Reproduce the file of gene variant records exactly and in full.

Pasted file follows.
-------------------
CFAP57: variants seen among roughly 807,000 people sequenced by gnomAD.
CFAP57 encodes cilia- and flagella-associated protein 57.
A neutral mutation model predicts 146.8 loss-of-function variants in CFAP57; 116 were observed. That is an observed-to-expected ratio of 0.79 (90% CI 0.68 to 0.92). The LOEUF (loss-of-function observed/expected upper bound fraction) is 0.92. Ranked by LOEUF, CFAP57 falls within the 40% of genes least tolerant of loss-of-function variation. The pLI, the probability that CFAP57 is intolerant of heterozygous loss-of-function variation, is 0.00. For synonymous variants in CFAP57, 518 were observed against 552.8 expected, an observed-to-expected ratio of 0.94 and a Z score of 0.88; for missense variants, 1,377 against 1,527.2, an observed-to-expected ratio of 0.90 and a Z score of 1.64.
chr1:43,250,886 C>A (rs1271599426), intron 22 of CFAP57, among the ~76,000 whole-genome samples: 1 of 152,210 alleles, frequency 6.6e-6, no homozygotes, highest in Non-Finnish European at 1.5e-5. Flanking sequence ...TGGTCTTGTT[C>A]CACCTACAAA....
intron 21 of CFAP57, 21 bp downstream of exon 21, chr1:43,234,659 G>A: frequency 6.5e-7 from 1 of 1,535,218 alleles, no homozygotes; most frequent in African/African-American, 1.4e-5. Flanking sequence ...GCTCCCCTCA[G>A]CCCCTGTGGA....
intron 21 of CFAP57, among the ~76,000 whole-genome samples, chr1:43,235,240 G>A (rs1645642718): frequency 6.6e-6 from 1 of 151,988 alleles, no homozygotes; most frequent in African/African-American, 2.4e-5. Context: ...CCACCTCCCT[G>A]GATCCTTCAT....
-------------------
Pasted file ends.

CFAP57: variants seen among roughly 807,000 people sequenced by gnomAD.
CFAP57 encodes cilia- and flagella-associated protein 57.
A neutral mutation model predicts 146.8 loss-of-function variants in CFAP57; 116 were observed. That is an observed-to-expected ratio of 0.79 (90% CI 0.68 to 0.92). The LOEUF (loss-of-function observed/expected upper bound fraction) is 0.92. Ranked by LOEUF, CFAP57 falls within the 40% of genes least tolerant of loss-of-function variation. The pLI, the probability that CFAP57 is intolerant of heterozygous loss-of-function variation, is 0.00. For synonymous variants in CFAP57, 518 were observed against 552.8 expected, an observed-to-expected ratio of 0.94 and a Z score of 0.88; for missense variants, 1,377 against 1,527.2, an observed-to-expected ratio of 0.90 and a Z score of 1.64.
chr1:43,250,886 C>A (rs1271599426), intron 22 of CFAP57, among the ~76,000 whole-genome samples: 1 of 152,210 alleles, frequency 6.6e-6, no homozygotes, highest in Non-Finnish European at 1.5e-5. Flanking sequence ...TGGTCTTGTT[C>A]CACCTACAAA....
intron 21 of CFAP57, 21 bp downstream of exon 21, chr1:43,234,659 G>A: frequency 6.5e-7 from 1 of 1,535,218 alleles, no homozygotes; most frequent in African/African-American, 1.4e-5. Flanking sequence ...GCTCCCCTCA[G>A]CCCCTGTGGA....
intron 21 of CFAP57, among the ~76,000 whole-genome samples, chr1:43,235,240 G>A (rs1645642718): frequency 6.6e-6 from 1 of 151,988 alleles, no homozygotes; most frequent in African/African-American, 2.4e-5. Context: ...CCACCTCCCT[G>A]GATCCTTCAT....